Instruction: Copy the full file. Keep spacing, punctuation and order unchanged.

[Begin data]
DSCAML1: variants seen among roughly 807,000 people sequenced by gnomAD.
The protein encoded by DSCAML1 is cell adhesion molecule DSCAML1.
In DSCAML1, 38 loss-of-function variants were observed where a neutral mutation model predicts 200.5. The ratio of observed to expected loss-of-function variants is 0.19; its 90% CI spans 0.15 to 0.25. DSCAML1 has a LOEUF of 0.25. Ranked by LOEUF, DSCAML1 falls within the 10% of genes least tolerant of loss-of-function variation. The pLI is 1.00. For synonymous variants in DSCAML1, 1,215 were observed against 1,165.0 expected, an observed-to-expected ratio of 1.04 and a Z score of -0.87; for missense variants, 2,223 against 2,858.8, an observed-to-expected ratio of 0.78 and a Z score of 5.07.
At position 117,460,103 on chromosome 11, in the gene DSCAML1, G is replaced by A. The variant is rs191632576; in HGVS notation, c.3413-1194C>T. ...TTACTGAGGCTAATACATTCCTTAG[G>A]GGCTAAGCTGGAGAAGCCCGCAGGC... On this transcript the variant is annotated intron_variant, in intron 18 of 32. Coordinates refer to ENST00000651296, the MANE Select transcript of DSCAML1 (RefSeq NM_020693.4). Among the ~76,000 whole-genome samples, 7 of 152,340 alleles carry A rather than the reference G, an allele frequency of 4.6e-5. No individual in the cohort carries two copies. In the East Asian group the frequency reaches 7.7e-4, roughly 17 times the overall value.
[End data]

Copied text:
DSCAML1: variants seen among roughly 807,000 people sequenced by gnomAD.
The protein encoded by DSCAML1 is cell adhesion molecule DSCAML1.
In DSCAML1, 38 loss-of-function variants were observed where a neutral mutation model predicts 200.5. The ratio of observed to expected loss-of-function variants is 0.19; its 90% CI spans 0.15 to 0.25. DSCAML1 has a LOEUF of 0.25. Ranked by LOEUF, DSCAML1 falls within the 10% of genes least tolerant of loss-of-function variation. The pLI is 1.00. For synonymous variants in DSCAML1, 1,215 were observed against 1,165.0 expected, an observed-to-expected ratio of 1.04 and a Z score of -0.87; for missense variants, 2,223 against 2,858.8, an observed-to-expected ratio of 0.78 and a Z score of 5.07.
At position 117,460,103 on chromosome 11, in the gene DSCAML1, G is replaced by A. The variant is rs191632576; in HGVS notation, c.3413-1194C>T. ...TTACTGAGGCTAATACATTCCTTAG[G>A]GGCTAAGCTGGAGAAGCCCGCAGGC... On this transcript the variant is annotated intron_variant, in intron 18 of 32. Coordinates refer to ENST00000651296, the MANE Select transcript of DSCAML1 (RefSeq NM_020693.4). Among the ~76,000 whole-genome samples, 7 of 152,340 alleles carry A rather than the reference G, an allele frequency of 4.6e-5. No individual in the cohort carries two copies. In the East Asian group the frequency reaches 7.7e-4, roughly 17 times the overall value.